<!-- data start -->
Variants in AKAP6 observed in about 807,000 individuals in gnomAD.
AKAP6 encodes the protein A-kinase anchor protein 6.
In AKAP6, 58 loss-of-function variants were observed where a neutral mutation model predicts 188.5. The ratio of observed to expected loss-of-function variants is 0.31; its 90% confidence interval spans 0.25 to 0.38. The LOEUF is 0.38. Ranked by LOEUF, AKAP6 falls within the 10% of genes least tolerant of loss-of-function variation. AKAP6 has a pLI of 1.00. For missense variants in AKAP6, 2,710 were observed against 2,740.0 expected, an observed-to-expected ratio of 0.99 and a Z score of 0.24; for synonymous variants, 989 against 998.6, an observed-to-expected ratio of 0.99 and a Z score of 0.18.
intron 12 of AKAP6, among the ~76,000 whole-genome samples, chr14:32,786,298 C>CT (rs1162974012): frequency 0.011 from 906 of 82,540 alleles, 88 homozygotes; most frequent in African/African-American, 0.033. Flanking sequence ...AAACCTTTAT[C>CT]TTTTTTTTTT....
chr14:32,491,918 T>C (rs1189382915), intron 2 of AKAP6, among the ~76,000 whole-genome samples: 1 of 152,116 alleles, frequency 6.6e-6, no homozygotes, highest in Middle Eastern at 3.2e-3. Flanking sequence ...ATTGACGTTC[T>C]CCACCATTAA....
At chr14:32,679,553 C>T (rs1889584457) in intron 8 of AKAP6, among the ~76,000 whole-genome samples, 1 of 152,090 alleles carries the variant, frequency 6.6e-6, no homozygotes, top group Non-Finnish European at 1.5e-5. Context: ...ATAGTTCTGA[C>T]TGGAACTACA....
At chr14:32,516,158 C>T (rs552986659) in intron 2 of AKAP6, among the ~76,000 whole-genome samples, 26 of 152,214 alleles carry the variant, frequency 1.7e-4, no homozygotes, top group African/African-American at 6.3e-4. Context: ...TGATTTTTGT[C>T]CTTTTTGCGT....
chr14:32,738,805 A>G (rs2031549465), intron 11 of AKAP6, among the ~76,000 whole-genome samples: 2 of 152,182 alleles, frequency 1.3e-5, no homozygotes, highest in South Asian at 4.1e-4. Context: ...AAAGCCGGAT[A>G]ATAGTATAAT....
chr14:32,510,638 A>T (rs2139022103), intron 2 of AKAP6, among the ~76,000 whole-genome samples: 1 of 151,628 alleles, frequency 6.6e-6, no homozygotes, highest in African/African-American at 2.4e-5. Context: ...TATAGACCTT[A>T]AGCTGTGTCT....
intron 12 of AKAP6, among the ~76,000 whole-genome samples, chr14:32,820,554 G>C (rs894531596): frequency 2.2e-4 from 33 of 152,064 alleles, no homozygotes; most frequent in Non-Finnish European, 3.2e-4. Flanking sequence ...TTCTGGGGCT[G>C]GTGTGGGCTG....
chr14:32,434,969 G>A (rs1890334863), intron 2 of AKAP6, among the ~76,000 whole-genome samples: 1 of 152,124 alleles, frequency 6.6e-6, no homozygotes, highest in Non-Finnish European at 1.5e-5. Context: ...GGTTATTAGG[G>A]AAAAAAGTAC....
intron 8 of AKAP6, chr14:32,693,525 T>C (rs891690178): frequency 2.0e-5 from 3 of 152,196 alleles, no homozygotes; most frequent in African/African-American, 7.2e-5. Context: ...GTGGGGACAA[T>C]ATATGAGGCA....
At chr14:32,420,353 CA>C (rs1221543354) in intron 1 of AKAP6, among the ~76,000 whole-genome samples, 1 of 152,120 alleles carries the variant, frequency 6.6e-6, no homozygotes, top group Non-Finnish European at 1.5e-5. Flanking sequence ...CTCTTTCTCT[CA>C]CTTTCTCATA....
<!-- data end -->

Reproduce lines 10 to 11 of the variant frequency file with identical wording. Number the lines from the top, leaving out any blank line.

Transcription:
intron 12 of AKAP6, among the ~76,000 whole-genome samples, chr14:32,820,554 G>C (rs894531596): frequency 2.2e-4 from 33 of 152,064 alleles, no homozygotes; most frequent in Non-Finnish European, 3.2e-4. Flanking sequence ...TTCTGGGGCT[G>C]GTGTGGGCTG....
chr14:32,434,969 G>A (rs1890334863), intron 2 of AKAP6, among the ~76,000 whole-genome samples: 1 of 152,124 alleles, frequency 6.6e-6, no homozygotes, highest in Non-Finnish European at 1.5e-5. Context: ...GGTTATTAGG[G>A]AAAAAAGTAC....